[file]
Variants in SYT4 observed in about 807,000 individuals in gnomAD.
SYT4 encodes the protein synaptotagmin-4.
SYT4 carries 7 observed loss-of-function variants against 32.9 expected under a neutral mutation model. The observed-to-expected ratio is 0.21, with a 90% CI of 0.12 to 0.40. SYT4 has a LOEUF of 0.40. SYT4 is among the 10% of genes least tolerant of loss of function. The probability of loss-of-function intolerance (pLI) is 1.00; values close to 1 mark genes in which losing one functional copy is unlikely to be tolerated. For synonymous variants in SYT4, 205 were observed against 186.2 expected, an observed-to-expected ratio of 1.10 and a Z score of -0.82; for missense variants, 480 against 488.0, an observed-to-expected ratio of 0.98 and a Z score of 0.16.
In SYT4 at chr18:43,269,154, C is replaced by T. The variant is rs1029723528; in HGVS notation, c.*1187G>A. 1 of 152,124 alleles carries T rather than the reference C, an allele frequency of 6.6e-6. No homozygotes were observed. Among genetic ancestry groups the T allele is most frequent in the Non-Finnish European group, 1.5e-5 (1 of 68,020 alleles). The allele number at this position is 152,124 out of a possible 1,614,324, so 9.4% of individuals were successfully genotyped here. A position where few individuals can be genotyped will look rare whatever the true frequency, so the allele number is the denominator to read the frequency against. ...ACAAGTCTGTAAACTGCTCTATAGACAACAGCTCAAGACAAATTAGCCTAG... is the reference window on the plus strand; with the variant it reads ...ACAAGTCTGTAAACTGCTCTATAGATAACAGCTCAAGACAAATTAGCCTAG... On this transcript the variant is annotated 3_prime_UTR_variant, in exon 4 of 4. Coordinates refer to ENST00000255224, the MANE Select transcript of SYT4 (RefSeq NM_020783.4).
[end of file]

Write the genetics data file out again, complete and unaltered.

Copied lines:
Variants in SYT4 observed in about 807,000 individuals in gnomAD.
SYT4 encodes the protein synaptotagmin-4.
SYT4 carries 7 observed loss-of-function variants against 32.9 expected under a neutral mutation model. The observed-to-expected ratio is 0.21, with a 90% CI of 0.12 to 0.40. SYT4 has a LOEUF of 0.40. SYT4 is among the 10% of genes least tolerant of loss of function. The probability of loss-of-function intolerance (pLI) is 1.00; values close to 1 mark genes in which losing one functional copy is unlikely to be tolerated. For synonymous variants in SYT4, 205 were observed against 186.2 expected, an observed-to-expected ratio of 1.10 and a Z score of -0.82; for missense variants, 480 against 488.0, an observed-to-expected ratio of 0.98 and a Z score of 0.16.
In SYT4 at chr18:43,269,154, C is replaced by T. The variant is rs1029723528; in HGVS notation, c.*1187G>A. 1 of 152,124 alleles carries T rather than the reference C, an allele frequency of 6.6e-6. No homozygotes were observed. Among genetic ancestry groups the T allele is most frequent in the Non-Finnish European group, 1.5e-5 (1 of 68,020 alleles). The allele number at this position is 152,124 out of a possible 1,614,324, so 9.4% of individuals were successfully genotyped here. A position where few individuals can be genotyped will look rare whatever the true frequency, so the allele number is the denominator to read the frequency against. ...ACAAGTCTGTAAACTGCTCTATAGACAACAGCTCAAGACAAATTAGCCTAG... is the reference window on the plus strand; with the variant it reads ...ACAAGTCTGTAAACTGCTCTATAGATAACAGCTCAAGACAAATTAGCCTAG... On this transcript the variant is annotated 3_prime_UTR_variant, in exon 4 of 4. Coordinates refer to ENST00000255224, the MANE Select transcript of SYT4 (RefSeq NM_020783.4).